Your healthcare professional should provide detailed guidance on the number and types of calories you should eat. As a rule of thumb, however, if you take in about 250 calories per day less than is needed to maintain your current weight, combined with an exercise regime that burns an additional 250 calories a day, you'll lose about a pound a week.
The number of calories your body needs to maintain its basic functions such as breathing and digestion is known as your basal metabolic rate (BMR). Several factors go into the calculation of your BMR, including your age, height, weight and gender.
It's difficult to determine exactly how many calories you need to maintain your weight at your current level of physical activity. One way to estimate your BMR is to keep a detailed food diary over the course of a few days to a week during which you maintain your weight. Determine exactly how many calories you eat on an average day (several books and web sites provide calorie counts for thousands of foods) and use that figure as a starting place from which you then subtract 250 calories.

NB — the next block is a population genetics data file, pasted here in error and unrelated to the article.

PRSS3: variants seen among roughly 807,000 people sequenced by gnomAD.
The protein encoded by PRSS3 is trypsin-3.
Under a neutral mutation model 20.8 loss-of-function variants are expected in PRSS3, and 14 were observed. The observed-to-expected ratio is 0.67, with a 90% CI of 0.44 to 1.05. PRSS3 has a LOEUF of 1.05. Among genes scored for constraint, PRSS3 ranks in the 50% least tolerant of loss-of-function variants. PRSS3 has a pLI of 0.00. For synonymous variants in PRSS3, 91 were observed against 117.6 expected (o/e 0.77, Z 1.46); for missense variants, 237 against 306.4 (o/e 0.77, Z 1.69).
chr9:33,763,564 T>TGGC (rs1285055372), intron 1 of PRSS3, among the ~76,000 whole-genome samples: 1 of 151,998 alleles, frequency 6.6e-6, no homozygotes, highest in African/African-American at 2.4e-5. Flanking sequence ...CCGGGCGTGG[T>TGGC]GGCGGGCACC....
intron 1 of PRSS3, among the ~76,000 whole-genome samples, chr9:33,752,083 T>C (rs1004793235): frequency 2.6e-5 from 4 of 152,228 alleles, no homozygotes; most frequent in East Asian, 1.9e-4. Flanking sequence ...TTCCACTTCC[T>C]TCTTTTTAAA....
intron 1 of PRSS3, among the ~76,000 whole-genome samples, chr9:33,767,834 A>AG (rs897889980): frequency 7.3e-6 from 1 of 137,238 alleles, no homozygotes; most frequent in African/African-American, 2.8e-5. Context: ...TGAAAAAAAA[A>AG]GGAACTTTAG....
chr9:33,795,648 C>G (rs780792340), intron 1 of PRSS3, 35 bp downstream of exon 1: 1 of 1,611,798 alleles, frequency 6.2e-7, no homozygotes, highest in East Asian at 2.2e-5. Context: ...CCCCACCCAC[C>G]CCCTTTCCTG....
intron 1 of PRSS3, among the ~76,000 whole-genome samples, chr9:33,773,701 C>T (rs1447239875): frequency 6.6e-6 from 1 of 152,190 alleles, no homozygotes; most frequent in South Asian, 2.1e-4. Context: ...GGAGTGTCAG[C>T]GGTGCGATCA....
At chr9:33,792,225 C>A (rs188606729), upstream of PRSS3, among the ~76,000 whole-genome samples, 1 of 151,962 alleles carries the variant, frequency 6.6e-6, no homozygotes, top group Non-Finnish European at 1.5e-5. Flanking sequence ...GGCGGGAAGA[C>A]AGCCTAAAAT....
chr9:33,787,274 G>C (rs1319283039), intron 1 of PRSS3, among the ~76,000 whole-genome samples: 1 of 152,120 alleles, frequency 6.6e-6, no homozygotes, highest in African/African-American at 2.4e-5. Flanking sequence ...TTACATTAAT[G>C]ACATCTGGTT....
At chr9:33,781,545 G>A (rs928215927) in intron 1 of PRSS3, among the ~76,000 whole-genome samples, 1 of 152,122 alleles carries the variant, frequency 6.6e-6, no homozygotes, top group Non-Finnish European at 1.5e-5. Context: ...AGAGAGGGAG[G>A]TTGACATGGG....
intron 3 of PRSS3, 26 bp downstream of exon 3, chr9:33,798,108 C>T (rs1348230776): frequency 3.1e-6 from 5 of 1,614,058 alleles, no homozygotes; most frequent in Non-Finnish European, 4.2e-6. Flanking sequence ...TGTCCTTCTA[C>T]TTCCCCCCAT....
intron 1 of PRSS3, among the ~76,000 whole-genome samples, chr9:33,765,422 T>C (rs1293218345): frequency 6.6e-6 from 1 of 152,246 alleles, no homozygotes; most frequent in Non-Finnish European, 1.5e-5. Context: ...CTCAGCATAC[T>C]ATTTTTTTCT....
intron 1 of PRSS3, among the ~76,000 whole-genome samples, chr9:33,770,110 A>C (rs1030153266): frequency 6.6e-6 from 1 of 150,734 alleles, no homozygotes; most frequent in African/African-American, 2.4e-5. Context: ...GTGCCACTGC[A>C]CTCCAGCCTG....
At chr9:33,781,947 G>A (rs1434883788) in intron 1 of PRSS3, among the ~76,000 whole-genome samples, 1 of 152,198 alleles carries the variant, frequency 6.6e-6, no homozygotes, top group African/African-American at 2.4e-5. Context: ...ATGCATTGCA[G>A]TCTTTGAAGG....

After you've determined how many calories a day you should eat, you need to plan daily menus. A dietitian or nutritionist can help you plan menus that include the types and amounts of food you should eat, which, in most cases, should be based on guidelines developed by the federal government in its Dietary Guidelines for Americans. The guidelines emphasize calorie reduction as well as balance, moderation and variety in food choices, with an emphasis on whole-grain products, vegetables and fruits.
To satisfy basic nutritional needs, eat a variety of foods including low-fat dairy, healthy protein sources like chicken, fish, eggs and soy products, vegetables and whole grains, and allow for an occasional treat. While you should try to cut back on excess fats and sugars, all foods and beverages can be consumed in moderation. As soon as you label a food as "off limits," chances are you will crave and perhaps even binge on it.
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